Aug. 30 2011 05:49 PM

Solace & The Moonlight Lounge moves into Encinitas

Photo by Jenny Montgomery
Urban Solace, the North Park brainchild of chef Matt Gordon, has no shortage of fans. And considering what feels like an explosion of new eateries along Highway 101, coastal North County seems as logical a place as any to expand the brand. Hence, Solace & The Moonlight Lounge, a dining-and-raw-bar combination in one crunchy, green LEED-certified Encinitas building. The vibe and energy of the whole place is bright and earthy; it's maybe not quite the urbane cool kid its North Park brother is, but it exudes a breezier west-of-the-5 attitude.

Needing solace from my own kitchen, I paid a visit to the new spot while it was still within the first few weeks of the soft opening. Normally, I'd give a place much longer to work out the kinks, but it was there and I was hungry, so let's everybody stop arguing. (Dramatic foreshadowing: Had the evening not gone well, I'd be reviewing someplace else.)

Props to the Solace crew for accommodating my, shall we say, demanding dining friend. She's sweet and has a twinkle in her eye, but she has inflexible food likes and dislikes. “Apparently, I'm picky?” she guilelessly said to me, before politely asking the server if it would be too much trouble to substitute two-thirds of her choice for something else. She wanted the Jidori chicken, but instead of sweet potatoes, she wanted french fries, and instead of chard, how about asparagus? (I considered quietly moving to a different table to avoid being tainted.)

Now, I realize chefs out there are probably shaking their fists in outrage because they work so hard at creating their menus and developing flavor combos; they're not wrong to find this particular trait of their patrons to be, at minimum, irritating. But the kind folks at Solace could not have been more easy-going about giving my persnickety pal a delicious dining experience and a plate filled with tasty menu items pieced together all custom-like.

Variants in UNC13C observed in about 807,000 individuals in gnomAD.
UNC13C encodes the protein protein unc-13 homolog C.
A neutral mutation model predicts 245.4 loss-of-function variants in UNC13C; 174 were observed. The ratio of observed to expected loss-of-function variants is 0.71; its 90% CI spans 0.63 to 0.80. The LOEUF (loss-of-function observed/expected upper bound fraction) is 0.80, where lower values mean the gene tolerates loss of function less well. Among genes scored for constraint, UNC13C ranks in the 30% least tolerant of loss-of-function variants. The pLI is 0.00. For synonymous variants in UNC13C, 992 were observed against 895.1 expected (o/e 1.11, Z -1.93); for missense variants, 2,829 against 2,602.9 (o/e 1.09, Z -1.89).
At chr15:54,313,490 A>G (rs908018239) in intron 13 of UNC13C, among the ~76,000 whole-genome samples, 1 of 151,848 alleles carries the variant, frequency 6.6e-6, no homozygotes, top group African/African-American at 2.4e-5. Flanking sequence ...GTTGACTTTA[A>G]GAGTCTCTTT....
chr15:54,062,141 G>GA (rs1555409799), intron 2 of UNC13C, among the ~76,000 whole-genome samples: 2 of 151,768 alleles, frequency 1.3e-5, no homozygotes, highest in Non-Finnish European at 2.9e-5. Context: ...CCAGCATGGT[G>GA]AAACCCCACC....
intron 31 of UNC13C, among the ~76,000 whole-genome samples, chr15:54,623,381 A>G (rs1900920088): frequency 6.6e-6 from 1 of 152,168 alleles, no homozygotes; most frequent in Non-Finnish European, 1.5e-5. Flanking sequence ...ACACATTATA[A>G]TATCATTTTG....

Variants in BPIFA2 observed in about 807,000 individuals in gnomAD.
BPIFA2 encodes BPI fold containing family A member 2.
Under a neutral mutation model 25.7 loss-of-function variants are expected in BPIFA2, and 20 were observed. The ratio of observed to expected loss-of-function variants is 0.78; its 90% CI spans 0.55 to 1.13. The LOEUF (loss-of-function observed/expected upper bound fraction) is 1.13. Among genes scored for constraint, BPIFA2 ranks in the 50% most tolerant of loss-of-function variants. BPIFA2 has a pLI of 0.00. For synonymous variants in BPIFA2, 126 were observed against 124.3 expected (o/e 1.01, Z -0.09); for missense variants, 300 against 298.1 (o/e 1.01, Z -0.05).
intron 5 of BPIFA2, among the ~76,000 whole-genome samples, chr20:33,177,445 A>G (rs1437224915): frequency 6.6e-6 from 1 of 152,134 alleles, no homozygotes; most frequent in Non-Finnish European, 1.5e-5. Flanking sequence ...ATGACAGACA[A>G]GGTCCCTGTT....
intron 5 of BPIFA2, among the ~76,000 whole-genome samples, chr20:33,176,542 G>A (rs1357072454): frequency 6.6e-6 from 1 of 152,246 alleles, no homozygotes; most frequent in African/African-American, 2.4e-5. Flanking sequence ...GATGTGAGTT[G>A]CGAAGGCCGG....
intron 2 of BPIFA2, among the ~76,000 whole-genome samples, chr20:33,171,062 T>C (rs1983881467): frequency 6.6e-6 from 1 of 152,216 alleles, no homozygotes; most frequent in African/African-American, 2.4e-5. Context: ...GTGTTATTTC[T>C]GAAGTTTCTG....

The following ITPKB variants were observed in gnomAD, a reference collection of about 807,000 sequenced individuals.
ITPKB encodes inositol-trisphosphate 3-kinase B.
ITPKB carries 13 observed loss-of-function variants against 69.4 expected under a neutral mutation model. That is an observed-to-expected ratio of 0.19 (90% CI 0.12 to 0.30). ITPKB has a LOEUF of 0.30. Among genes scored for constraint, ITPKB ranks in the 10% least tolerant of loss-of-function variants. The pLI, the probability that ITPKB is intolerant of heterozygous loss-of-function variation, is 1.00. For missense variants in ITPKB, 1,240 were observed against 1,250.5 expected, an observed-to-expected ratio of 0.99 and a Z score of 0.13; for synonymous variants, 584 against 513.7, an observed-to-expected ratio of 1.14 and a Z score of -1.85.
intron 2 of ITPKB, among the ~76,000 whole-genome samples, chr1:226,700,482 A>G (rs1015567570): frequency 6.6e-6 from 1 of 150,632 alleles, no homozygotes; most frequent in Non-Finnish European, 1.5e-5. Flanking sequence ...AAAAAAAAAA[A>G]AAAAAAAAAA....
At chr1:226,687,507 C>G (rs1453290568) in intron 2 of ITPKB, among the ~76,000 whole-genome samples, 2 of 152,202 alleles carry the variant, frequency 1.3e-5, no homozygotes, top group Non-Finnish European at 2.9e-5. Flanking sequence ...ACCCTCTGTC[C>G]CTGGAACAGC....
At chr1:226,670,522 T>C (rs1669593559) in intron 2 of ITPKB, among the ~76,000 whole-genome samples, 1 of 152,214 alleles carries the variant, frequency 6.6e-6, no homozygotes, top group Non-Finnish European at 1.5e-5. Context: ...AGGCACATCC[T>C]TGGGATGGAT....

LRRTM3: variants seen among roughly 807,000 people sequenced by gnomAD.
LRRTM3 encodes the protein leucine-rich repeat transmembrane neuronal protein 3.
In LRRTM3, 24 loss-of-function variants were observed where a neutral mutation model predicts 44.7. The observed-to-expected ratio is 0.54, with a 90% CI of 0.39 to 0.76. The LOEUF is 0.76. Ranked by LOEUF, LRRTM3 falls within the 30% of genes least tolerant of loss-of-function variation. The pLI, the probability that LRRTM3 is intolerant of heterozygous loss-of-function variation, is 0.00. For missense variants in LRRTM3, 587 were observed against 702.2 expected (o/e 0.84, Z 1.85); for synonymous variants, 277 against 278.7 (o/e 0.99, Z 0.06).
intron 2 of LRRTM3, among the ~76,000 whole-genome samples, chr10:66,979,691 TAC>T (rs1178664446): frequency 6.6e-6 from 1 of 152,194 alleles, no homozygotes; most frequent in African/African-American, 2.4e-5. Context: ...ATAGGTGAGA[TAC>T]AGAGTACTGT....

Like what you'd find at the North Park locale, the Jidori chicken is excellent. This version is lemon-and-salt
crusted, and although, to me, the skin wasn't too outrageously flavorful when nibbled on, that hardly matters when you're eating chicken as tasty as this. She may avoid sweet potatoes, but my friend left hardly a shred of meat on that bird's bones.

They're doing some great things with seafood, which makes sense considering you could easily throw a picky patron and hit the ocean just a few blocks away. The mustard-crusted local halibut is quite tasty, as halibut usually is and as anything crusted in mustard should be. But be sure to check out the black bass glazed with smoked salt and sugar. I expected a very strong flavor but instead tasted something subtle and layered. The fish was pillowy-soft and tender, and the salty-sweet glaze didn't beat me over the head with a kettle-corn-contrast of flavors but instead gently permeated the fish like a light and tenderizing brine.

Save room for dessert. Though you'll be tempted by the novelty and Girl Scoutiness of the “Les S'mores” offering, I say go for the goat-cheese cheesecake, plated on a pool of spiced honey and a this-shouldn't-work-but-shut-the-front-door-it-does drizzle of basil syrup.

There's no question that Chef Gordon and his crew know how to create good food in a nice atmosphere. Both Solace spots offer a hard-to-quantify feeling of being welcomed, embraced and well fed. Sitting down to share a meal there is the best way to understand the restaurant's name.

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